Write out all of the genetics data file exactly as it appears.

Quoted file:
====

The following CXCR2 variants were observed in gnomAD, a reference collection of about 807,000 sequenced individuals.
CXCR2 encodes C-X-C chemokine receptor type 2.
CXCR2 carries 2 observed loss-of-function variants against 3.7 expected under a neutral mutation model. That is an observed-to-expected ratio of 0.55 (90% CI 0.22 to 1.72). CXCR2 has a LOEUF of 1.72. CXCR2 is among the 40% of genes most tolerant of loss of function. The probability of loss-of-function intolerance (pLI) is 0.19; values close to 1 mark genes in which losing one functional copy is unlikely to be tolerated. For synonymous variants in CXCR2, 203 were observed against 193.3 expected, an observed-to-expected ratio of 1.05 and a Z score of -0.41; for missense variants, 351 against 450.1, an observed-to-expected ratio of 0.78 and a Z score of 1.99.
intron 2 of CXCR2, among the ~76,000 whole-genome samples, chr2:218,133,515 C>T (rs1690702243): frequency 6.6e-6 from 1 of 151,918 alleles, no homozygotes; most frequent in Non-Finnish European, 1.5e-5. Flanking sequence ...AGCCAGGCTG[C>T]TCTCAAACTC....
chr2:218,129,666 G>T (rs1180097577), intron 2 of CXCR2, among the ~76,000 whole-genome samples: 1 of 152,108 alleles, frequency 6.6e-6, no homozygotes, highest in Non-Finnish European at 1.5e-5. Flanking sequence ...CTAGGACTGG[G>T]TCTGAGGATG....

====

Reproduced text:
The following CXCR2 variants were observed in gnomAD, a reference collection of about 807,000 sequenced individuals.
CXCR2 encodes C-X-C chemokine receptor type 2.
CXCR2 carries 2 observed loss-of-function variants against 3.7 expected under a neutral mutation model. That is an observed-to-expected ratio of 0.55 (90% CI 0.22 to 1.72). CXCR2 has a LOEUF of 1.72. CXCR2 is among the 40% of genes most tolerant of loss of function. The probability of loss-of-function intolerance (pLI) is 0.19; values close to 1 mark genes in which losing one functional copy is unlikely to be tolerated. For synonymous variants in CXCR2, 203 were observed against 193.3 expected, an observed-to-expected ratio of 1.05 and a Z score of -0.41; for missense variants, 351 against 450.1, an observed-to-expected ratio of 0.78 and a Z score of 1.99.
intron 2 of CXCR2, among the ~76,000 whole-genome samples, chr2:218,133,515 C>T (rs1690702243): frequency 6.6e-6 from 1 of 151,918 alleles, no homozygotes; most frequent in Non-Finnish European, 1.5e-5. Flanking sequence ...AGCCAGGCTG[C>T]TCTCAAACTC....
chr2:218,129,666 G>T (rs1180097577), intron 2 of CXCR2, among the ~76,000 whole-genome samples: 1 of 152,108 alleles, frequency 6.6e-6, no homozygotes, highest in Non-Finnish European at 1.5e-5. Flanking sequence ...CTAGGACTGG[G>T]TCTGAGGATG....